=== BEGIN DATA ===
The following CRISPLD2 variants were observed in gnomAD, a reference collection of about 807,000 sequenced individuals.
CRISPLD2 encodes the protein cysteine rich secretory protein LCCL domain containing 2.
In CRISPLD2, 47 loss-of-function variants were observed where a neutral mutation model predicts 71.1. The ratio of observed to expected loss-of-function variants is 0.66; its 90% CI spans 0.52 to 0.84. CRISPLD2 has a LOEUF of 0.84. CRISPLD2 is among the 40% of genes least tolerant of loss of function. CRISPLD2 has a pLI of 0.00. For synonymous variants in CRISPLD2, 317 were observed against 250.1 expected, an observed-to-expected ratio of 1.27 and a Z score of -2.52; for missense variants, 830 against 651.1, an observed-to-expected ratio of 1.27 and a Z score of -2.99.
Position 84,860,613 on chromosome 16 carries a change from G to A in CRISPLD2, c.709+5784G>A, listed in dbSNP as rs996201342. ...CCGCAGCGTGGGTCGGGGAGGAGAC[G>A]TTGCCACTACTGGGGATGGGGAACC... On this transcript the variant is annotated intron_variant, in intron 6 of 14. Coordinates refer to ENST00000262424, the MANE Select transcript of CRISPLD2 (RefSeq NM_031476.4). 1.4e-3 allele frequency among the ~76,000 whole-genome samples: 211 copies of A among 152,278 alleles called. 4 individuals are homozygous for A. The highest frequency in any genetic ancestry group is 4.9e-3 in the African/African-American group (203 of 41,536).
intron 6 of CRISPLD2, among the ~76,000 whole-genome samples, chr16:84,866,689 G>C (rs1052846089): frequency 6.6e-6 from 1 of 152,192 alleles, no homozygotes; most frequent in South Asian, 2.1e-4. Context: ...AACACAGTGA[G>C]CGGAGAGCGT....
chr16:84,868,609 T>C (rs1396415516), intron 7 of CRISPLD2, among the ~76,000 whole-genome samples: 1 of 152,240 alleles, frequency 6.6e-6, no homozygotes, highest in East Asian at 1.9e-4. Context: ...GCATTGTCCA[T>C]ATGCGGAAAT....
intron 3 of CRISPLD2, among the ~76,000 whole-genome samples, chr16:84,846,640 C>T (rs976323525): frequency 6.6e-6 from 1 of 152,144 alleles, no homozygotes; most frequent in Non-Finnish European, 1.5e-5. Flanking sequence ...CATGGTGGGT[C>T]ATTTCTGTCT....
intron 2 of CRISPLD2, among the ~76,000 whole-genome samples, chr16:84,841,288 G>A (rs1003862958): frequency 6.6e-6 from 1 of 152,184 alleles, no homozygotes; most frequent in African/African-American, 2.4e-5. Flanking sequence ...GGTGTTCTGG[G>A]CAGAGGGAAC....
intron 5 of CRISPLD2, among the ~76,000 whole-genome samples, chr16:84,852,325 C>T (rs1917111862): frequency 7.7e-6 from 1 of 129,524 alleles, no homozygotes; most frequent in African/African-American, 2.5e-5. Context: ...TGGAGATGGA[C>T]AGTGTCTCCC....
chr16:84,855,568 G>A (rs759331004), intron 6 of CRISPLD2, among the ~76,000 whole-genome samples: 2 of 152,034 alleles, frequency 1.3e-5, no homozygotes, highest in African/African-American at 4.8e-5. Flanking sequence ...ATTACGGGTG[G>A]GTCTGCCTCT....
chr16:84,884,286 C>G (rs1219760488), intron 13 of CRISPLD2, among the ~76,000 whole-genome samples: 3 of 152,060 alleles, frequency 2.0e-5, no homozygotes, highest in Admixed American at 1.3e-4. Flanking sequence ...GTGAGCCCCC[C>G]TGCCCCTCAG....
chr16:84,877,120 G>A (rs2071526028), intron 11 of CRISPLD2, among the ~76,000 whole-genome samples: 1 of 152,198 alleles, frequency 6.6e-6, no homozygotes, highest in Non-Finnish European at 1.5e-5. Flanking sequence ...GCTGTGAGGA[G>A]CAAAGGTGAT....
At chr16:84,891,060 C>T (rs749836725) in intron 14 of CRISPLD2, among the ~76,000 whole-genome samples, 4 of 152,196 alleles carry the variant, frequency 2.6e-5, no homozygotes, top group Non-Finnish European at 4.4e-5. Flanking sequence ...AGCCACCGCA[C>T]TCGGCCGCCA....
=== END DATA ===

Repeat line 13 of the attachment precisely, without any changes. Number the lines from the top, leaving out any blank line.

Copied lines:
At chr16:84,891,060 C>T (rs749836725) in intron 14 of CRISPLD2, among the ~76,000 whole-genome samples, 4 of 152,196 alleles carry the variant, frequency 2.6e-5, no homozygotes, top group Non-Finnish European at 4.4e-5. Flanking sequence ...AGCCACCGCA[C>T]TCGGCCGCCA....